Annapolis Opera’s production of The Barber of Seville is a hilarious spectacle of a show. Directed by Braxton Peters, with Artistic Director Ronald J. Gretz conducting, it combines beautiful music and singing with excellent acting and choreography, as well as inventive lighting. With memorable music and a comic story, Rossini’s 1816 opera is a delightful way to temporarily forget the world’s cares.
Scott Purcell plays Figaro, the title character, full of joyful energy. He leaps onto the stage singing his entrance aria “Largo al factotum,” hitting the famous repeating of his name to great applause. The jingle of Count Almaviva (Jonas Hacker)’s coins gets him plotting in “All’idea di quel metalle,” his fingers whirling as he paces the stage. Trying to distract Doctor Bartolo (Brandon Hendrickson) from the lovers’ conversation, he applies lather to Bartolo’s face, and sits on his lap. While the Count and Rosina (Hannah Ludwig) embrace and sing of their love, he makes motions for them to escape.
Jonas Hacker gives a romantic contentment to Count Almaviva. He sings to Rosina’s balcony window with a smile on his face in “Se il mio nome,” clear and determined in his love. Hacker plays the Count’s two disguises with great comedy. As the drunken soldier Lindoro, he staggers around, chasing the maid (Kylena Parks). He embraces Bartolo as the Doctor pushes him away, and holds his papers close to the Doctor’s face. He draws his sword and lunges at Bartolo. As the music teacher Don Alonso, he sings repeatedly of “peace, joy, and contentment” in a comically high-pitched voice to Bartolo’s annoyance, while bowing and whispering into the Doctor’s ears. It is pure joy watching him take on all these roles.
Hannah Ludwig gives Rosina a romantic slyness. Her first appearance, behind the French doors of her balcony, she sings hauntingly. In “Una voce poco fa” she declares her determination to win her suitor, while reminding herself that she is “a viper…if they touch her in the wrong places.” At the end, she hurls the pillow off stage. She shows her cleverness to Figaro in “Dunque io son,” coyly responding to his suggestion of writing a letter to the Count before revealing one she already wrote; they applaud their cunning with bows. During her secret declaration of love to the Count, she holds Bartolo’s hand before snatching it away.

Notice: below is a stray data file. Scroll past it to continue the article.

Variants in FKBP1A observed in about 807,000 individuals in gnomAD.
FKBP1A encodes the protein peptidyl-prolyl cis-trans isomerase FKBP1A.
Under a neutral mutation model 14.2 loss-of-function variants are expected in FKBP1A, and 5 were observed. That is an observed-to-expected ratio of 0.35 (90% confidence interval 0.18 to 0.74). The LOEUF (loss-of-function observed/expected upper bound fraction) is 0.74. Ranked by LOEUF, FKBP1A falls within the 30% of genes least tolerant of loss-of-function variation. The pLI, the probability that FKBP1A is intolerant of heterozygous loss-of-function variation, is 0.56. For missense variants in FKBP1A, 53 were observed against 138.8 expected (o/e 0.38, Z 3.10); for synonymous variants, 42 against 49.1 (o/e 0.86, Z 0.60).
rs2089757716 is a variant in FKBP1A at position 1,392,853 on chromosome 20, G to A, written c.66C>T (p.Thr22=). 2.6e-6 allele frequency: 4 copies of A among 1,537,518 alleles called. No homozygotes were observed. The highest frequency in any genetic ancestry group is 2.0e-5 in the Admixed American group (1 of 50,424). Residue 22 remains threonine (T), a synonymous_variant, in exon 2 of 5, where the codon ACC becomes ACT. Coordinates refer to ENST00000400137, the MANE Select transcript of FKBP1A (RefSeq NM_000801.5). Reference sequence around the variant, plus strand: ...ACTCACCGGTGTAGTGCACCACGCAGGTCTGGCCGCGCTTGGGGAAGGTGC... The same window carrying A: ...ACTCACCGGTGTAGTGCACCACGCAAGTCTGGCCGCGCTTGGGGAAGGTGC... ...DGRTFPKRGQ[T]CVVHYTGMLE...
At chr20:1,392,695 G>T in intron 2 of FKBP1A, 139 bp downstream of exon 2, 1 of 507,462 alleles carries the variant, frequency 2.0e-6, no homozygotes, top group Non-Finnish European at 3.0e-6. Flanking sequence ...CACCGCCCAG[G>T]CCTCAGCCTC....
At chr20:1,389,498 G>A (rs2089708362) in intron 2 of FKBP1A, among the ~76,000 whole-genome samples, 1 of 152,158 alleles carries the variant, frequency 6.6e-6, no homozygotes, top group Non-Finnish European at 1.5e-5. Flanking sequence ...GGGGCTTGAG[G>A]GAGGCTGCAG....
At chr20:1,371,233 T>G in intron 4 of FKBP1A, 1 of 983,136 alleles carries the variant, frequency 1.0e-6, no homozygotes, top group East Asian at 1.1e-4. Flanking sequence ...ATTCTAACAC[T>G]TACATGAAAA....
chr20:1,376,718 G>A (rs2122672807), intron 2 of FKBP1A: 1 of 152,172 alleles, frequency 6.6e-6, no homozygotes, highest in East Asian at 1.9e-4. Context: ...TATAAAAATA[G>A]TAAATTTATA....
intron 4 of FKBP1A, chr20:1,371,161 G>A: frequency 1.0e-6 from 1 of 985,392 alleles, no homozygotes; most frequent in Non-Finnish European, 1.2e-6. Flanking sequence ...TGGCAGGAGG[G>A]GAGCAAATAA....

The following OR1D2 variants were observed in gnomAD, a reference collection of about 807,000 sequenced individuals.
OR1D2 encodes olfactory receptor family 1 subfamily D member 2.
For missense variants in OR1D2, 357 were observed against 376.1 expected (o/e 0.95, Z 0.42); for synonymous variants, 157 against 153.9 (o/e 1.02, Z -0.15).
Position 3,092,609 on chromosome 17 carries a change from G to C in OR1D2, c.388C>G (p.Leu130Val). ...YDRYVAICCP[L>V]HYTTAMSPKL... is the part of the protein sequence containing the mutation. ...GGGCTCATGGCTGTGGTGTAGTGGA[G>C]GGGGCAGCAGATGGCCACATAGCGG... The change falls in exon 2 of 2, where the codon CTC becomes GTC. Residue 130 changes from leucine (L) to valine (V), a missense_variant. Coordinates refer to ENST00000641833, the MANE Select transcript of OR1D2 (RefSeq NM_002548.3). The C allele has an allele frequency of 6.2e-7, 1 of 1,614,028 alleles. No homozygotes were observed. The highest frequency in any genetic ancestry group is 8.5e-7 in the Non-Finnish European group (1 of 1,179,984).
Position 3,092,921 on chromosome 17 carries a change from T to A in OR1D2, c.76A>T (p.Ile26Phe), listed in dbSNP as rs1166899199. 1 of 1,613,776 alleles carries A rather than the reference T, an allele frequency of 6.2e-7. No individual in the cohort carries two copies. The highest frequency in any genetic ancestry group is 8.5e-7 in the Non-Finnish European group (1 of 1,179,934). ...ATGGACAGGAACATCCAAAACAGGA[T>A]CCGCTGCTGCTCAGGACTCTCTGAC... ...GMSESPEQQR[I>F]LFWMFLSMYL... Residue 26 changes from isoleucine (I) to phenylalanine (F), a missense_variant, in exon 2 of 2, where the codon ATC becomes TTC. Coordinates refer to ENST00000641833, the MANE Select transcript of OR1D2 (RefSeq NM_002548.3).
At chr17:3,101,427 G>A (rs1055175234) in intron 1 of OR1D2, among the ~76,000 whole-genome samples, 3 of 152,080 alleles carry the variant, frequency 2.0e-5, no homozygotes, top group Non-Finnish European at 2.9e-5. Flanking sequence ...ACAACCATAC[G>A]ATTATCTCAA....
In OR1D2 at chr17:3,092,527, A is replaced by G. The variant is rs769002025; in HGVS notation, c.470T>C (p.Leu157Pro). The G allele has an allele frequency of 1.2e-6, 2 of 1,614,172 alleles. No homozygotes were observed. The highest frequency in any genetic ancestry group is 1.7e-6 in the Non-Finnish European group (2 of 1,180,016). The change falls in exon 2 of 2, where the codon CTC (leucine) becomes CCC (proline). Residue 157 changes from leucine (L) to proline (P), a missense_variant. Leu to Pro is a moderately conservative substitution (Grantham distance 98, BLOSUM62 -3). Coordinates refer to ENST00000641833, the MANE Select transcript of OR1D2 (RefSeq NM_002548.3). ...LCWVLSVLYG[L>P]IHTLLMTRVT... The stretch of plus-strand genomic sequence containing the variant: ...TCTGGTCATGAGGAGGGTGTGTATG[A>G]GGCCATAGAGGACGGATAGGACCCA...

Brandon Hendrickson gives Bartolo excellent comedic arrogance. Questioning Rosina, he urges her in “Ora mi sento meglio” to “learn to lie better” as he imagines he can see right through her. Watching Rosina’s music lesson, he dozes off in the chair, waking with an exaggerated yawn. He inserts Rosina’s name into a classic aria, singing part of it before Figaro interrupts him.
Anthony Reed is a hoot as Don Basilio. He races across the stage in “La calunnia e un vincero,” shaking Bartolo and hurtling him to the floor in excitement. He ends draped over the couch in a painfully twisted posture, writhing in glee at his plans. Convinced he is sick by Figaro, Rosina, and the Count, he raises his arms like a zombie, before they toss him about the stage and hurl him out.
Kylena Parks plays Berta with joyful cynicism, singing of the others in “Il vecchietto cerca mogile” that they’re “all fit to be tied.” While cleaning up the mess, she sings of “dying an old maid” with a smile on her face. It is a wonderfully quiet moment in a busy production. Jason Buckwalter radiates authority as the Officer, questioning the loudly squabbling cast. As Fiorello, he is comically subservient, trying to move the band of musicians away from surrounding the Count.
Scenic Designer April Joy Vester does a wonderful job creating the set – a large, elegant home, with a balcony and tower. Act I shows the home from the outside, a bench in the middle of the courtyard. Acts II and III are inside the home, with a staircase leading to the balcony, a small sofa and table on the left and a desk and harpsichord on the right.
Costume Designer Lorraine vom Saal has made gorgeous period outfits. Figaro wears a long black jacket with a blue vest and tan shoes. The Count begins with long black boots and pants, a short black jacket, gray pants and a red vest, and ends in a black and gold fringed jacket, green vest, white pants and a large golden pendant draped around his neck. As Lindoro, he wears a bright red military jacket and a long gold sash around his waist, carrying a sword, while as Don Alonso, he wears a long black robe with a white scarf, as does Don Basilio. Rosina begins in a white nightgown, then changes into a maroon and white dress, and later a pink and white dress with red fringe.
Lighting Designer Michael Klima uses creative lighting effects. At the start of the opera, the set is bathed in blue light, as in darkness. When Figaro appears, the light brightens for morning. Lights shine from the inside of the French doors at Rosina’s showing. At the end of Act II, colored lights flash from the back, while white lights shine to resemble lightning between the scenes of Act III.
Ronald J. Gertz conducts the Annapolis Symphony Orchestra beautifully, the music coming through clear, projecting throughout the auditorium and blending perfectly with the actors’ voices. Braxton Peters does an excellent job as Director. The actors work well together, easily navigating the stage and each other. Their movement balances their singing, making for a vocal and visual delight. Their comic timing is spot-on, getting lots of laughs. Even non-opera fans would enjoy it.
Running Time: Approximately three hours, with two 15-minute intermissions.
The Barber of Seville, presented by Annapolis Opera, plays through November 4, 2018, at Maryland Hall for the Creative Arts – 801 Chase Street, Annapolis, MD. For tickets, call the box office at 410-280-5640 or purchase them online.